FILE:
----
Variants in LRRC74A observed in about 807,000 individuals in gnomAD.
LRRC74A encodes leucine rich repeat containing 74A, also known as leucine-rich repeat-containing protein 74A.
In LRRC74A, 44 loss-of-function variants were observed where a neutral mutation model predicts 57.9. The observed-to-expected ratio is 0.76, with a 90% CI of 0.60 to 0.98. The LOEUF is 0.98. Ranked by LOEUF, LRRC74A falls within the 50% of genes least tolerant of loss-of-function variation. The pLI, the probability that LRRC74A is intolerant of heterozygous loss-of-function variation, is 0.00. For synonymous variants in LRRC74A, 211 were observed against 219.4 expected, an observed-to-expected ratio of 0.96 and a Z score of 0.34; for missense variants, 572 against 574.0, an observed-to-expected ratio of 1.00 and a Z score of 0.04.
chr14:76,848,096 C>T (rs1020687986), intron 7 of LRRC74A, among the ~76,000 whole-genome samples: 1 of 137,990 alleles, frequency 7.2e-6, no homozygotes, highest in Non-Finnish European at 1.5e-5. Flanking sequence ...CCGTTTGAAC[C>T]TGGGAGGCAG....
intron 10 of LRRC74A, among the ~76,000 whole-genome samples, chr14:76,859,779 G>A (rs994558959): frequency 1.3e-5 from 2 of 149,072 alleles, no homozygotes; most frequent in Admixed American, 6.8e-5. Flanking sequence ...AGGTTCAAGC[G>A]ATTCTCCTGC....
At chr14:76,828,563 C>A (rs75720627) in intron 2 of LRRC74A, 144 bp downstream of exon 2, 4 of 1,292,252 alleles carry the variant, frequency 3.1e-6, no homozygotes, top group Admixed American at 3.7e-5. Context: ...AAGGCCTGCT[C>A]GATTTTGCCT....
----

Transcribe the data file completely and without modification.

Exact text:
Variants in LRRC74A observed in about 807,000 individuals in gnomAD.
LRRC74A encodes leucine rich repeat containing 74A, also known as leucine-rich repeat-containing protein 74A.
In LRRC74A, 44 loss-of-function variants were observed where a neutral mutation model predicts 57.9. The observed-to-expected ratio is 0.76, with a 90% CI of 0.60 to 0.98. The LOEUF is 0.98. Ranked by LOEUF, LRRC74A falls within the 50% of genes least tolerant of loss-of-function variation. The pLI, the probability that LRRC74A is intolerant of heterozygous loss-of-function variation, is 0.00. For synonymous variants in LRRC74A, 211 were observed against 219.4 expected, an observed-to-expected ratio of 0.96 and a Z score of 0.34; for missense variants, 572 against 574.0, an observed-to-expected ratio of 1.00 and a Z score of 0.04.
chr14:76,848,096 C>T (rs1020687986), intron 7 of LRRC74A, among the ~76,000 whole-genome samples: 1 of 137,990 alleles, frequency 7.2e-6, no homozygotes, highest in Non-Finnish European at 1.5e-5. Flanking sequence ...CCGTTTGAAC[C>T]TGGGAGGCAG....
intron 10 of LRRC74A, among the ~76,000 whole-genome samples, chr14:76,859,779 G>A (rs994558959): frequency 1.3e-5 from 2 of 149,072 alleles, no homozygotes; most frequent in Admixed American, 6.8e-5. Flanking sequence ...AGGTTCAAGC[G>A]ATTCTCCTGC....
At chr14:76,828,563 C>A (rs75720627) in intron 2 of LRRC74A, 144 bp downstream of exon 2, 4 of 1,292,252 alleles carry the variant, frequency 3.1e-6, no homozygotes, top group Admixed American at 3.7e-5. Context: ...AAGGCCTGCT[C>A]GATTTTGCCT....